GOMA, Democratic Republic of Congo (Reuters) - Militants ambushed a group of about 30 civilians in northeastern Congo and killed many of them before fighting a fierce battle with the army, politicians said on Sunday.
The attack took place near the city of Beni and, if the deaths are confirmed, would be the first mass-killing this year in that area. It has seen relative peace since more than 800 people were killed in dozens of massacres between 2014 and 2016.
The spate of attacks raised serious questions about the state’s ability to impose order over a region full of ethnic tensions and plagued by pockets of lawlessness where armed groups prey on populations and exploit rich mineral reserves.
In the latest attack, on Saturday, assailants armed with machetes and guns ambushed travellers on the main road linking Beni territory in North Kivu province to neighbouring Uganda, Boris Maelezo, a member of parliament from the area, told Reuters.
He said about 30 civilians were riding on motorbikes, with several people on each vehicle, and that most of them could have been killed.
Albert Baliesima Kadukima, another lawmaker from the area, said two women freed by the militants had told local authorities the assailants had slit the throats of more than a dozen people.
Mak Hazukay, a local army spokesman, said Congolese forces were battling the militants and attempting to dislodge them from a section of the road that was several kilometres long.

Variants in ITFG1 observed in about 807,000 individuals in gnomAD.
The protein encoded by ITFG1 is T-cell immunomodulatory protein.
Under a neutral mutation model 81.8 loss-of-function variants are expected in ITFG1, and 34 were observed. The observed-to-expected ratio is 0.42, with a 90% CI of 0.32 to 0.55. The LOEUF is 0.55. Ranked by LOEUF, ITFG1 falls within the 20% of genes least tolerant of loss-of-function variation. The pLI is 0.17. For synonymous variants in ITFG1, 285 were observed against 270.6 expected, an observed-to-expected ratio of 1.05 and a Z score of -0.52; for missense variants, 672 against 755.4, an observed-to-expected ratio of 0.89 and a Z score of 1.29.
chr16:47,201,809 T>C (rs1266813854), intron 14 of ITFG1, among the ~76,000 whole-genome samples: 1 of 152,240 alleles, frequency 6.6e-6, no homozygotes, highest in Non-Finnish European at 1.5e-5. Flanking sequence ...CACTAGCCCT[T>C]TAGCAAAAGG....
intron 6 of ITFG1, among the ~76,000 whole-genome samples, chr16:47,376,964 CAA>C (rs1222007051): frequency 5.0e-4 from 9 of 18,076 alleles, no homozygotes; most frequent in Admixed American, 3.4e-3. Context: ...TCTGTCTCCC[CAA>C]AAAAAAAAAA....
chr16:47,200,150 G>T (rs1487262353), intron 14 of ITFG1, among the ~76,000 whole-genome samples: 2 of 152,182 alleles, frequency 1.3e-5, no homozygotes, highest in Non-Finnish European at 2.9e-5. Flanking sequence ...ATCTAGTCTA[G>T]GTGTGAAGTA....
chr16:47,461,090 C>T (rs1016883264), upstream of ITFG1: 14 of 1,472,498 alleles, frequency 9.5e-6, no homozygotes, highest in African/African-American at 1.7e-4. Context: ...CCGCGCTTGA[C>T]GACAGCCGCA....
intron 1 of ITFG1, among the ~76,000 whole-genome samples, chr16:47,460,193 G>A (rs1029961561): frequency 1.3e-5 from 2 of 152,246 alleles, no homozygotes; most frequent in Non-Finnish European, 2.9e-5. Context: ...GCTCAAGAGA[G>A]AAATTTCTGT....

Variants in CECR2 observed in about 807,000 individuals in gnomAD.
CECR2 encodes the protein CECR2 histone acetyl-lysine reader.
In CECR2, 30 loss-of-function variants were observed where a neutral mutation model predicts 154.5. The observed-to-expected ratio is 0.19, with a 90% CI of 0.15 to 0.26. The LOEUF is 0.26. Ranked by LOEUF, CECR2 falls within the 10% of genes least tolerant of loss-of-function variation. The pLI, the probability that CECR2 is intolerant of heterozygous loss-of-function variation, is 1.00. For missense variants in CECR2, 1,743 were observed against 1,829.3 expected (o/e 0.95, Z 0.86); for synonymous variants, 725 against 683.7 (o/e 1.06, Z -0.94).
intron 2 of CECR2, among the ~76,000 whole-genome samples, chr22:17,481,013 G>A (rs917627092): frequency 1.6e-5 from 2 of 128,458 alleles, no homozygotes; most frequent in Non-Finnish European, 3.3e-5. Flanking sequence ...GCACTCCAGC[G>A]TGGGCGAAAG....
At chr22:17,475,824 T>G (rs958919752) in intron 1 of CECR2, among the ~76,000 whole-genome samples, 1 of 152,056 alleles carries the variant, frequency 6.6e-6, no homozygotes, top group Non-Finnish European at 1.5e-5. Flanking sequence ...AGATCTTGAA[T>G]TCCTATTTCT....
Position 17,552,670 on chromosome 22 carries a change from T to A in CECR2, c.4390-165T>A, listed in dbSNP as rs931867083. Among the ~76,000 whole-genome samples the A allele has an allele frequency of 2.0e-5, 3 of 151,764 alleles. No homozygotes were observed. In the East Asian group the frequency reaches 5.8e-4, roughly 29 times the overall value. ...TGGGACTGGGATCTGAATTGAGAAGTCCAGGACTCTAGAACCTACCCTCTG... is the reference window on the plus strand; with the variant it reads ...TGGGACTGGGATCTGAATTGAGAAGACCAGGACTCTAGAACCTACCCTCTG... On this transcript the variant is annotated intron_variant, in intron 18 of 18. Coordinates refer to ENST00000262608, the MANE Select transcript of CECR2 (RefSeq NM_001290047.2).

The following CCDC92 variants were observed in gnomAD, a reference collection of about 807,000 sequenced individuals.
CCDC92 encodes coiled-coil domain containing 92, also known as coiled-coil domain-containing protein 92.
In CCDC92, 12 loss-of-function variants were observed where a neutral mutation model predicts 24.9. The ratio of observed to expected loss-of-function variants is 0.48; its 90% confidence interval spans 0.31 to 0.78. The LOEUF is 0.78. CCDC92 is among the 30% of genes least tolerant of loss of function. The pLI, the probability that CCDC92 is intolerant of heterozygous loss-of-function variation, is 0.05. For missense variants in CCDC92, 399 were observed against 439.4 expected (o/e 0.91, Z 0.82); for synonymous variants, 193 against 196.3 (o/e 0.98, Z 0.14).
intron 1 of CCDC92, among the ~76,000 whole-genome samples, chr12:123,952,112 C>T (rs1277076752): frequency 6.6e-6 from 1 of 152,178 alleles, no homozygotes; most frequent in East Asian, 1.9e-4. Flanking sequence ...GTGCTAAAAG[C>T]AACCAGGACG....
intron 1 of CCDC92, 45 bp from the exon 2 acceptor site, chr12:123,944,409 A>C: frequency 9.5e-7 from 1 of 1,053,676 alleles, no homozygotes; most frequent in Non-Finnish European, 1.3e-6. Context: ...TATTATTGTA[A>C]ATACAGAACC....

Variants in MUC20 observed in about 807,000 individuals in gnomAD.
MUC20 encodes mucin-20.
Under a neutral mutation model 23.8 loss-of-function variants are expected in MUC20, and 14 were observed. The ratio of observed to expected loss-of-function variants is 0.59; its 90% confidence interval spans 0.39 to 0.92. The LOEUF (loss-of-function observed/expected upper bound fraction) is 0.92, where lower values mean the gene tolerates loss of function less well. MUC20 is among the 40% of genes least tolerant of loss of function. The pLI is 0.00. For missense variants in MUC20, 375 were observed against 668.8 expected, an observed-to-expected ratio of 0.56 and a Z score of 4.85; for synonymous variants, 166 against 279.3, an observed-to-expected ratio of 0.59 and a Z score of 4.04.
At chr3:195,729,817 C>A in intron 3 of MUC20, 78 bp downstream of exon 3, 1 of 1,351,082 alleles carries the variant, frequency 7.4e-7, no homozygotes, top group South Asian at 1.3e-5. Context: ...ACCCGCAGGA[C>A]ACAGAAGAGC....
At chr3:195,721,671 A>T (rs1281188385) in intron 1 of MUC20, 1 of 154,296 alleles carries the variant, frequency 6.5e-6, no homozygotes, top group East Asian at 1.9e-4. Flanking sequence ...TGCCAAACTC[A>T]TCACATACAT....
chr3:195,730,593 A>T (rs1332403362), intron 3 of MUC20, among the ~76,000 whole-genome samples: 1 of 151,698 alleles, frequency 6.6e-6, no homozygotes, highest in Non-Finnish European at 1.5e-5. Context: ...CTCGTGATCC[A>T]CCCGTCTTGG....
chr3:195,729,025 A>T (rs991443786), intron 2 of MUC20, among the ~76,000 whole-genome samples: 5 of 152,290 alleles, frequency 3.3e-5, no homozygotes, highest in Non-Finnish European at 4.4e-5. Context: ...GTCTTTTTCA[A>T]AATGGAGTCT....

The two lawmakers and the army spokesman said the militants belonged to the Allied Democratic Forces (ADF), a Ugandan Islamist group active near the border between Congo and Uganda.
Congolese authorities have blamed almost all the massacres of the past three years on the ADF but independent and U.N. experts say several armed groups as well as national army commanders have orchestrated the killings as they vie for influence in the area.
Eastern Congo is a tinderbox of ethnic tensions and has been racked by conflict for more than two decades. It is the world’s biggest source of coltan, used in mobile phones and other electronic products.
Various armed groups have committed atrocities around Beni since late 2014 to settle scores and undermine rivals, with attacks sometimes sectarian in nature.
Separately, armed men from an ethnic Bantu militia broke out more than 50 inmates on Saturday from a prison in the southeastern town of Pweto, Celestin Ngombe, a local government official, told Reuters.
A series of large-scale prison breaks in recent months, including one in the capital Kinshasa that freed more than 4,000 prisoners, have underscored deteriorating security across the country since President Joseph Kabila refused to step down at the end of his constitutional mandate last December.
Additional reporting and writing By Aaron Ross; Editing by Pravin Char and David Evans